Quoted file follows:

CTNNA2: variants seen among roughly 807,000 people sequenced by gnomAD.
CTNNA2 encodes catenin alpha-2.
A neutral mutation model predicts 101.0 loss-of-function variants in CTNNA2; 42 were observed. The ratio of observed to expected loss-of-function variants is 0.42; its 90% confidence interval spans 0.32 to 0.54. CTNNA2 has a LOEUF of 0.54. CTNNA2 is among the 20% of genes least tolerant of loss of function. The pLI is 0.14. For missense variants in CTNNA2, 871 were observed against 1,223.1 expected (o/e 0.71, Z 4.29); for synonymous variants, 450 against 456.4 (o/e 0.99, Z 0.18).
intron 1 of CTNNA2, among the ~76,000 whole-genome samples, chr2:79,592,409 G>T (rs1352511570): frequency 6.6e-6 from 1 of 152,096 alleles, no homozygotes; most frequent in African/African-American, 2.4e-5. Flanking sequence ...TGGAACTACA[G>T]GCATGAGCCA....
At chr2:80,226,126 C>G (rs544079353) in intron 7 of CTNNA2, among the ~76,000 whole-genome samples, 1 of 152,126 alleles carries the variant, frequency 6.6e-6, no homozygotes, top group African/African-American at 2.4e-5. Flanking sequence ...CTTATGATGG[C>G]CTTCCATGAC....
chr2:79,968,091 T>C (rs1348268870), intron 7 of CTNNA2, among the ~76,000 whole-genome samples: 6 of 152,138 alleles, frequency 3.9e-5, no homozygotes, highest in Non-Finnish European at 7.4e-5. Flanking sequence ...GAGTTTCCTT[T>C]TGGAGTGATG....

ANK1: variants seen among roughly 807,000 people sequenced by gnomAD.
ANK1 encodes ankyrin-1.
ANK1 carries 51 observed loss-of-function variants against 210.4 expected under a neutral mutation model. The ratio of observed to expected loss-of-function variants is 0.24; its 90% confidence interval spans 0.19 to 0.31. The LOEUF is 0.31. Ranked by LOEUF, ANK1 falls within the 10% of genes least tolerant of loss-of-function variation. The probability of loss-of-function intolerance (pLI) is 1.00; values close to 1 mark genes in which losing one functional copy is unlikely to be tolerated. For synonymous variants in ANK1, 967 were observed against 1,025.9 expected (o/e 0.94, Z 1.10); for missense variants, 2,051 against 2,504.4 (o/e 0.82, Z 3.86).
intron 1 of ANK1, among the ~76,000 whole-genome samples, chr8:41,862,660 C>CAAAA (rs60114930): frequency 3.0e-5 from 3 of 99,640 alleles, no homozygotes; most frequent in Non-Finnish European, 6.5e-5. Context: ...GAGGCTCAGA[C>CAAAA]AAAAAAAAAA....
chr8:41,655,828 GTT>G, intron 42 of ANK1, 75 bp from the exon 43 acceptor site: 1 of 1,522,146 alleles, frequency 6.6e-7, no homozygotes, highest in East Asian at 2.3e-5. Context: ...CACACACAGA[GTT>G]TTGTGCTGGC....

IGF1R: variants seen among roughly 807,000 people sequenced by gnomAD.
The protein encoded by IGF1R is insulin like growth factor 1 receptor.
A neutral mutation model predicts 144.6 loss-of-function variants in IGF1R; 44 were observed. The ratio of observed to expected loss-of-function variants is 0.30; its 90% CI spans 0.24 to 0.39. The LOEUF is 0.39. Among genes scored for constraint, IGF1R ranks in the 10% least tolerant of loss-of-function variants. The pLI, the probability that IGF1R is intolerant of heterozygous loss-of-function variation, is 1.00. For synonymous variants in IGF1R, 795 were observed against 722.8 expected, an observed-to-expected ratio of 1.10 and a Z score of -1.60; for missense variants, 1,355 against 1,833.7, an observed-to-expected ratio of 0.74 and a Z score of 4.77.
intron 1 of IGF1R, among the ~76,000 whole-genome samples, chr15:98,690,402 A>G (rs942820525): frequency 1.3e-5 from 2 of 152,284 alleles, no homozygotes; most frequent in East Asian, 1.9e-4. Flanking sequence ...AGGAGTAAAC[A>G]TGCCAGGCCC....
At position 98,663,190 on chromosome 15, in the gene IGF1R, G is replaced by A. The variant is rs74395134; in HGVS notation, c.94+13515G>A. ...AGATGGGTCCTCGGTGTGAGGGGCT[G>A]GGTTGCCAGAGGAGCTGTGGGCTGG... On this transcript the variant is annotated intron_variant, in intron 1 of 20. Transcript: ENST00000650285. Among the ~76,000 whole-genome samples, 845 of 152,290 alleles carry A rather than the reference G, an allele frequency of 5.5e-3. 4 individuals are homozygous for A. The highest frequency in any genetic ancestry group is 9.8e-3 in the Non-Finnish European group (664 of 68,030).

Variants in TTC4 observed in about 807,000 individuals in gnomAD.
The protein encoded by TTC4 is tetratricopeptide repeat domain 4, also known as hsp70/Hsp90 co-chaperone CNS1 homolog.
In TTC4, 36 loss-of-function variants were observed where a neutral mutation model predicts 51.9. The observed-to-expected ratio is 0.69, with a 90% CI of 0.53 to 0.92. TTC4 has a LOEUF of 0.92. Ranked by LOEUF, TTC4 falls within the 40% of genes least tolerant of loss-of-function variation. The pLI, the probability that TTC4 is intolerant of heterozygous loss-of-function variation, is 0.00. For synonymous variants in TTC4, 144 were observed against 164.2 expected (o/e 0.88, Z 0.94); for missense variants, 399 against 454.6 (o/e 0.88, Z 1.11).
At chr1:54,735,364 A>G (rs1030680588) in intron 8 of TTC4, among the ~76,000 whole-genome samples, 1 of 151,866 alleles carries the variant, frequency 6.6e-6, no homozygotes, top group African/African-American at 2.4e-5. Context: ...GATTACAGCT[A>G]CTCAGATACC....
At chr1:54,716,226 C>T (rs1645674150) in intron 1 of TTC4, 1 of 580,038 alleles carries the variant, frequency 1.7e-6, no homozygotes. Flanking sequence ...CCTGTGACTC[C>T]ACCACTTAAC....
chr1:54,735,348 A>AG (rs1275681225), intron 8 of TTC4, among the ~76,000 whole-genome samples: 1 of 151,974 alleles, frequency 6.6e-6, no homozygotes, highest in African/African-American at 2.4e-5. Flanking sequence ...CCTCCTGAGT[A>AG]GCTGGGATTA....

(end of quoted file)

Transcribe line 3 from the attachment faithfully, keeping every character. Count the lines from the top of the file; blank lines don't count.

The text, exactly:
A neutral mutation model predicts 101.0 loss-of-function variants in CTNNA2; 42 were observed. The ratio of observed to expected loss-of-function variants is 0.42; its 90% confidence interval spans 0.32 to 0.54. CTNNA2 has a LOEUF of 0.54. CTNNA2 is among the 20% of genes least tolerant of loss of function. The pLI is 0.14. For missense variants in CTNNA2, 871 were observed against 1,223.1 expected (o/e 0.71, Z 4.29); for synonymous variants, 450 against 456.4 (o/e 0.99, Z 0.18).